The story begins in Kabul, Afghanistan, home of the main character, Fadi, and his family -- younger sister Mariam, older sister Noor, and his mother and father. His family had left Afghanistan for America so his father could get a PhD, but they came back to Afghanistan afterwards, at first to help the Taliban. However, the Taliban quickly became over-controlling and overly zealous, and when they asked Fadi's father -- more like demanded -- to become a part of them, he knew he couldn't turn down their offer without forsaking his family's safety. So instead, they used up their entire savings paying for professionals to take them out of the country. In the confusion, though, Mariam's hand slips from Fadi's and their vehicle drives away at full speed from the approaching Taliban. Fadi's family's attempts to stop it are in vain, and Mariam is left behind in war-torn Afghanistan while the family reaches America.

But even once they've finally escaped Afghanistan, things are only getting more difficult. Penniless, Fadi's family has to live with their relatives, and they are embarrassed to be taking such advantage of their courtesy, though they insist they don't mind. Fadi is bullied at school and has to deal with the terrible guilt that Mariam's loss is his fault. It isn't, of course -- and the whole family is dealing with the same feelings, each shouldering the guilt for themselves and obstinately refusing to believe it isn't their fault.

In the midst of this chaos of guilt and horror at the loss of Mariam, when it seems like things can't get any worse, comes 9/11. Now the bullies at Fadi's school have a new thing to fight him over, and he's surrounded by prejudice and accusation because of where he came from.

But then, at school, he finds a photo contest. The prize? A trip to India, from which he could reach Afghanistan and find his missing sister. Photography is Fadi's special talent, his true love in life, and he's confident and certain he just has to win.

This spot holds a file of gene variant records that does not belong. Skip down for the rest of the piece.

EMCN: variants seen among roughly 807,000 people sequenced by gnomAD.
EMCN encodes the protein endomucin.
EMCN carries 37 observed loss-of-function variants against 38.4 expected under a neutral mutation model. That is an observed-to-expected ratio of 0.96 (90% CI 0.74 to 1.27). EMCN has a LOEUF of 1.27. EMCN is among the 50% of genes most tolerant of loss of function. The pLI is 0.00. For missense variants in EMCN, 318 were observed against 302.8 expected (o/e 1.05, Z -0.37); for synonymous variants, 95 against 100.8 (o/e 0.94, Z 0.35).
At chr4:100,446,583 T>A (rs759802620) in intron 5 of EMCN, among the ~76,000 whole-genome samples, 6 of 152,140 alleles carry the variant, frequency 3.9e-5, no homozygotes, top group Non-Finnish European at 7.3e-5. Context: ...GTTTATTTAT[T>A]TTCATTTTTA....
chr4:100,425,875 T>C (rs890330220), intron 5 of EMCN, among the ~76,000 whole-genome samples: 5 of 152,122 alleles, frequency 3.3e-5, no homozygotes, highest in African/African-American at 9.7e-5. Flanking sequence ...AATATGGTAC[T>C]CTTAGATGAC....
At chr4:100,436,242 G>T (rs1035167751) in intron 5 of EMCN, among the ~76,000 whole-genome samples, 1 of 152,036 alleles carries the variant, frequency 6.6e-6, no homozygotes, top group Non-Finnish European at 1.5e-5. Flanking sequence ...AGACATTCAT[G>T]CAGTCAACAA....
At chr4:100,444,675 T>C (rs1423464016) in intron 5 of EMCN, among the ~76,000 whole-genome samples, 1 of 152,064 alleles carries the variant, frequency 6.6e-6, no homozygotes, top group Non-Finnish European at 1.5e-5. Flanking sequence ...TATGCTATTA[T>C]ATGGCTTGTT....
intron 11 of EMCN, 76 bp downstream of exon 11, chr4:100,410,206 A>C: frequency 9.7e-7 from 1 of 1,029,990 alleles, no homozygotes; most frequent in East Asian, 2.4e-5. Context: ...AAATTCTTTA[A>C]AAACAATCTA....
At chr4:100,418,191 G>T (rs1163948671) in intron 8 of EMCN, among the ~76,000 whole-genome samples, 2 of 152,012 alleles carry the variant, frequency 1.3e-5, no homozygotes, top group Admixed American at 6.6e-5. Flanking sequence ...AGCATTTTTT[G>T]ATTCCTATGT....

Overall, Shooting Kabul was an amazing and intriguing book, told through the eyes of an earnest, hopeful child that really helped me relate to it, even if I didn't have the same experiences as him. It taught me a lot about 9/11 and the Taliban, a different side to them I'd never really thought about. The book flowed easily and was excellently written, and the ending was sweet and very clever. I would definitely recommend this book to anyone who enjoys a good, suspenseful, and often surprising read.
Profile Image for Shazzer.
751 reviews21 followers
February 24, 2011
As posted on Outside of a Dog:

There are some books that carry so much weight, it’s miraculous they get off the ground at all. It can be story weight or character weight, or outside weight from press or advertising. Mockingbird was a very weighty book. Katherine Erskine had to juggle Asperger’s Syndrome, a dead sibling and a community recovering from a school shooting, and I think that the weight of it all put together caused the book to drag its feet on the ground, unable to hold it all in. Shooting Kabul, by N.H. Senzai is another heavy book, but what a difference the right touch can make.

In Shooting Kabul, young Fadi and his family make a daring escape from Afganistan and the Taliban to seek asylum in the United States. But before they can make it out of the city, Fadi is separated from his little sister Mariam, and she is left behind. The family finally lands in Fremont, California, and they try to make themselves a new home while back in Afganistan, the seach is on for the missing Mariam. Fadi blames himself, you see, for letting go of his little sister’s hand in the confusion, and knows he must help bring her back, no matter what it will take. That’s an extraordinary weight to lay on a child, but it does not stop there. Fadi also has to deal with post-9/11 prejudice, especially from a pair of bullies at his new school. He finds hope and a creative outlet in the school’s photography club, which just might offer him a chance of returning to look for his sister.